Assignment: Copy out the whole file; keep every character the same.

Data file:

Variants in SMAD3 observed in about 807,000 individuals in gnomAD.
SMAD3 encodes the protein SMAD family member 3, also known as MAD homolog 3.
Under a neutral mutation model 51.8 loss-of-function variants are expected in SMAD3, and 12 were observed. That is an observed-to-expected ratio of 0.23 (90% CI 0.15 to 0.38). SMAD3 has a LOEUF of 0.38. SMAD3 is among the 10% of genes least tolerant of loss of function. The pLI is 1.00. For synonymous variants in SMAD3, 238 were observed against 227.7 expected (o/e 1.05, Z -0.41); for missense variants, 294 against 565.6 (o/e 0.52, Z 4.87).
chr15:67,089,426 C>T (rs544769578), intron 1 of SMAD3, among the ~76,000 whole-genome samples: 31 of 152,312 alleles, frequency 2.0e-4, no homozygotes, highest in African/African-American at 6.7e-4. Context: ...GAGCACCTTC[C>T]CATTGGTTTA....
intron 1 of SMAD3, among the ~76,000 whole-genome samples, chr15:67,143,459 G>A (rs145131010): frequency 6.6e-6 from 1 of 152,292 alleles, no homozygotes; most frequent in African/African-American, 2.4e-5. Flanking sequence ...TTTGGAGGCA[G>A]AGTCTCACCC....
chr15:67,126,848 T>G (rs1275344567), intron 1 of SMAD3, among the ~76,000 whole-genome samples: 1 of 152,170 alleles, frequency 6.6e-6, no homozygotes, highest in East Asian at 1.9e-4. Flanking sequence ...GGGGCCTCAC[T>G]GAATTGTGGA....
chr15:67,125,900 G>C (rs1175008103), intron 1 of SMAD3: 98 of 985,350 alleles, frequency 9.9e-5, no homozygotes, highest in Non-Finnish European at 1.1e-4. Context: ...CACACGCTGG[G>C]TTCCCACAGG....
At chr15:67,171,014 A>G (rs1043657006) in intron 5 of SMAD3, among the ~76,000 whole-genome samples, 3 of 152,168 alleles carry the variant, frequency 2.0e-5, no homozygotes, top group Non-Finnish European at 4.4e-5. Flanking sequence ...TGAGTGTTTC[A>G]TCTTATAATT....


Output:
Variants in SMAD3 observed in about 807,000 individuals in gnomAD.
SMAD3 encodes the protein SMAD family member 3, also known as MAD homolog 3.
Under a neutral mutation model 51.8 loss-of-function variants are expected in SMAD3, and 12 were observed. That is an observed-to-expected ratio of 0.23 (90% CI 0.15 to 0.38). SMAD3 has a LOEUF of 0.38. SMAD3 is among the 10% of genes least tolerant of loss of function. The pLI is 1.00. For synonymous variants in SMAD3, 238 were observed against 227.7 expected (o/e 1.05, Z -0.41); for missense variants, 294 against 565.6 (o/e 0.52, Z 4.87).
chr15:67,089,426 C>T (rs544769578), intron 1 of SMAD3, among the ~76,000 whole-genome samples: 31 of 152,312 alleles, frequency 2.0e-4, no homozygotes, highest in African/African-American at 6.7e-4. Context: ...GAGCACCTTC[C>T]CATTGGTTTA....
intron 1 of SMAD3, among the ~76,000 whole-genome samples, chr15:67,143,459 G>A (rs145131010): frequency 6.6e-6 from 1 of 152,292 alleles, no homozygotes; most frequent in African/African-American, 2.4e-5. Flanking sequence ...TTTGGAGGCA[G>A]AGTCTCACCC....
chr15:67,126,848 T>G (rs1275344567), intron 1 of SMAD3, among the ~76,000 whole-genome samples: 1 of 152,170 alleles, frequency 6.6e-6, no homozygotes, highest in East Asian at 1.9e-4. Flanking sequence ...GGGGCCTCAC[T>G]GAATTGTGGA....
chr15:67,125,900 G>C (rs1175008103), intron 1 of SMAD3: 98 of 985,350 alleles, frequency 9.9e-5, no homozygotes, highest in Non-Finnish European at 1.1e-4. Context: ...CACACGCTGG[G>C]TTCCCACAGG....
At chr15:67,171,014 A>G (rs1043657006) in intron 5 of SMAD3, among the ~76,000 whole-genome samples, 3 of 152,168 alleles carry the variant, frequency 2.0e-5, no homozygotes, top group Non-Finnish European at 4.4e-5. Flanking sequence ...TGAGTGTTTC[A>G]TCTTATAATT....